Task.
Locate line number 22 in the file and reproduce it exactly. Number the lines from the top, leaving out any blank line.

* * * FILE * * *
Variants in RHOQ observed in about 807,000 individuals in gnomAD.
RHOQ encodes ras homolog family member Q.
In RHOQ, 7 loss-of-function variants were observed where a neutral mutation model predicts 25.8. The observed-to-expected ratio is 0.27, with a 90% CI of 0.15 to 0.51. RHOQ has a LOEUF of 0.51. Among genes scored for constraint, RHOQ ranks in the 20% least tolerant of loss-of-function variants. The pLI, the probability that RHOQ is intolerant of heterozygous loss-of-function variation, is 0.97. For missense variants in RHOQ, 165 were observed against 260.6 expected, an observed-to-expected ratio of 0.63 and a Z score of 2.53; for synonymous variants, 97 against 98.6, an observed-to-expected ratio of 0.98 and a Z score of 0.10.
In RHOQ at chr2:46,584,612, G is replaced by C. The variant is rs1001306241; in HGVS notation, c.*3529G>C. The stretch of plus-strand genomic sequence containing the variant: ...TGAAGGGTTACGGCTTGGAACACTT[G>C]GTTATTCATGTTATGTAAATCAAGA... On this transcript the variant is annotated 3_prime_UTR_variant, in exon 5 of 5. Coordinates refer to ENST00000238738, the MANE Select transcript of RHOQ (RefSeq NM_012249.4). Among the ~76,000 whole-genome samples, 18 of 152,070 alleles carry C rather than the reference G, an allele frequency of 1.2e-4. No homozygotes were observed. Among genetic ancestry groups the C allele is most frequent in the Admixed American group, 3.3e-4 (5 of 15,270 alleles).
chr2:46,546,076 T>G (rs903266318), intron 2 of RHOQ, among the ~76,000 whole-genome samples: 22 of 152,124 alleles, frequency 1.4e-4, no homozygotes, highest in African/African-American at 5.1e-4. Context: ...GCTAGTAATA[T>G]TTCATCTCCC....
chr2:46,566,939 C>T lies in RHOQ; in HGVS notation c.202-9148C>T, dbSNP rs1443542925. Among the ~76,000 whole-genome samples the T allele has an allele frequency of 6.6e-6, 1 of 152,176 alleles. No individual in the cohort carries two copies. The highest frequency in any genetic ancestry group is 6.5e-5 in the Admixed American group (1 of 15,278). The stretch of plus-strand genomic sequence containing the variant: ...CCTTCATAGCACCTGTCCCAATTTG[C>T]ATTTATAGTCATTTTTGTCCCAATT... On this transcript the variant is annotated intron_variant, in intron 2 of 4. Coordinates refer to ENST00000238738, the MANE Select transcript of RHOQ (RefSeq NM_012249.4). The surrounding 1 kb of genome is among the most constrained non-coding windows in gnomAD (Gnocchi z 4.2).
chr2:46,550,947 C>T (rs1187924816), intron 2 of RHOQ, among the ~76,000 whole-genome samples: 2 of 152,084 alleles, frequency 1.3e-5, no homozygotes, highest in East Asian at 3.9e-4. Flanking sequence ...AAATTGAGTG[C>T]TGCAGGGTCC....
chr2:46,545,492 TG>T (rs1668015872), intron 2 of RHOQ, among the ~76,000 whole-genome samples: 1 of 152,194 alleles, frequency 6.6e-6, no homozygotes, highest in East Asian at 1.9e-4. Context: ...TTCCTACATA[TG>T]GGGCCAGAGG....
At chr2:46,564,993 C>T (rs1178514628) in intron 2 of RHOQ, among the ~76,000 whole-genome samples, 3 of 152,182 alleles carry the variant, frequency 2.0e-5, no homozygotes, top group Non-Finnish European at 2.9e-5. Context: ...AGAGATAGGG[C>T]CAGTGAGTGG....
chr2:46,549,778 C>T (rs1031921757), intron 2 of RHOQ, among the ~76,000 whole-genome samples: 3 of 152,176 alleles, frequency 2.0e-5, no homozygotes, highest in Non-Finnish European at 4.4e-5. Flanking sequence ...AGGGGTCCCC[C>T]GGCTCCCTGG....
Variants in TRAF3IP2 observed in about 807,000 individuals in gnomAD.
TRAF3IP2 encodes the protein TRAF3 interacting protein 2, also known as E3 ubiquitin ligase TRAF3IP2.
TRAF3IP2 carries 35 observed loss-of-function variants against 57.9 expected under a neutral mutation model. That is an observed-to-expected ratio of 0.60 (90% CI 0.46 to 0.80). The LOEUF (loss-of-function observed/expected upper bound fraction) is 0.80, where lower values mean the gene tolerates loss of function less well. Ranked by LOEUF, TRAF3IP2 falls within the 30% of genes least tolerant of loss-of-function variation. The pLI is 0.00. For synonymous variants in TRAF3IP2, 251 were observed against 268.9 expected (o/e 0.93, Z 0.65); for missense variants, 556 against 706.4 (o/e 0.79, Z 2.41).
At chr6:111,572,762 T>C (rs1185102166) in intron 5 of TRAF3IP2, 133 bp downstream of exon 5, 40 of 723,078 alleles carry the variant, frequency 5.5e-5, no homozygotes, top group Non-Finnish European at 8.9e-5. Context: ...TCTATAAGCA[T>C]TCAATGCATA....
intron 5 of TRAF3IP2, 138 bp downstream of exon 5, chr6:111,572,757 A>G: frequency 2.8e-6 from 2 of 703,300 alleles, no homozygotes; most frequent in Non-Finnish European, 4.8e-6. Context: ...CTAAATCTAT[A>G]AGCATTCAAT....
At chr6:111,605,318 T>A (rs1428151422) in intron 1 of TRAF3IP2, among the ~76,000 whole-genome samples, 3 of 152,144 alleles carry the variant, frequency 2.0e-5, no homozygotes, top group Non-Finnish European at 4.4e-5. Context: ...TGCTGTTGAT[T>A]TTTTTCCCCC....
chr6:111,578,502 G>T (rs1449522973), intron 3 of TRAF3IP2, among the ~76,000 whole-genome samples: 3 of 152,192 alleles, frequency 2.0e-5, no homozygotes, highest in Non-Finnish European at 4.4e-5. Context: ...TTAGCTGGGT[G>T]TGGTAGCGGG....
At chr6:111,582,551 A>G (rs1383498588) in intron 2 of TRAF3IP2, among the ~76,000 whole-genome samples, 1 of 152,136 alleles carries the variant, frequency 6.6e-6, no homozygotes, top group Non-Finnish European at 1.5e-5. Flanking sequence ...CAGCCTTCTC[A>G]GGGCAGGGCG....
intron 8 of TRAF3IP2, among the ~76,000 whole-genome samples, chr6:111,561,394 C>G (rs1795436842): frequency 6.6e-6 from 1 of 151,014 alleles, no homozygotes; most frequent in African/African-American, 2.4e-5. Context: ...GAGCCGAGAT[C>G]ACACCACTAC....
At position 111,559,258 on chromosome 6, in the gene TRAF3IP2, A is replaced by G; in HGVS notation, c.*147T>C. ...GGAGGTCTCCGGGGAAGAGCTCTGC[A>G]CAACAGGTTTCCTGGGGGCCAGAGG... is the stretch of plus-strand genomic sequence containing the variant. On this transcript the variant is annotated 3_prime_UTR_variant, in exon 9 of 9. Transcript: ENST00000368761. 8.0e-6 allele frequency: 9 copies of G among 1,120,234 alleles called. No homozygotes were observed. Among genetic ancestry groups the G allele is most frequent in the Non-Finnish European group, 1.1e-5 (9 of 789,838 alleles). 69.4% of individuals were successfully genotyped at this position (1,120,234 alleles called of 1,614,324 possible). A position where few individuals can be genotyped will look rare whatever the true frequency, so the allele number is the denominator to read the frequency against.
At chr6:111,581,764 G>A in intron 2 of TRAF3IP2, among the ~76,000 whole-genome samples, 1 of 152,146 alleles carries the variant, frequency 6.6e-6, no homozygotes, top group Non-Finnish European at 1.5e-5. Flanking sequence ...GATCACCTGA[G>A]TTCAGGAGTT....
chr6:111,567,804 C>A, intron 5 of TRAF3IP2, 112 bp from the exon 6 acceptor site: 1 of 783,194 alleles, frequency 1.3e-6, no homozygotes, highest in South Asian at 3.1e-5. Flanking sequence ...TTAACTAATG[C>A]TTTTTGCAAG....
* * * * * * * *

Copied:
chr6:111,567,804 C>A, intron 5 of TRAF3IP2, 112 bp from the exon 6 acceptor site: 1 of 783,194 alleles, frequency 1.3e-6, no homozygotes, highest in South Asian at 3.1e-5. Flanking sequence ...TTAACTAATG[C>A]TTTTTGCAAG....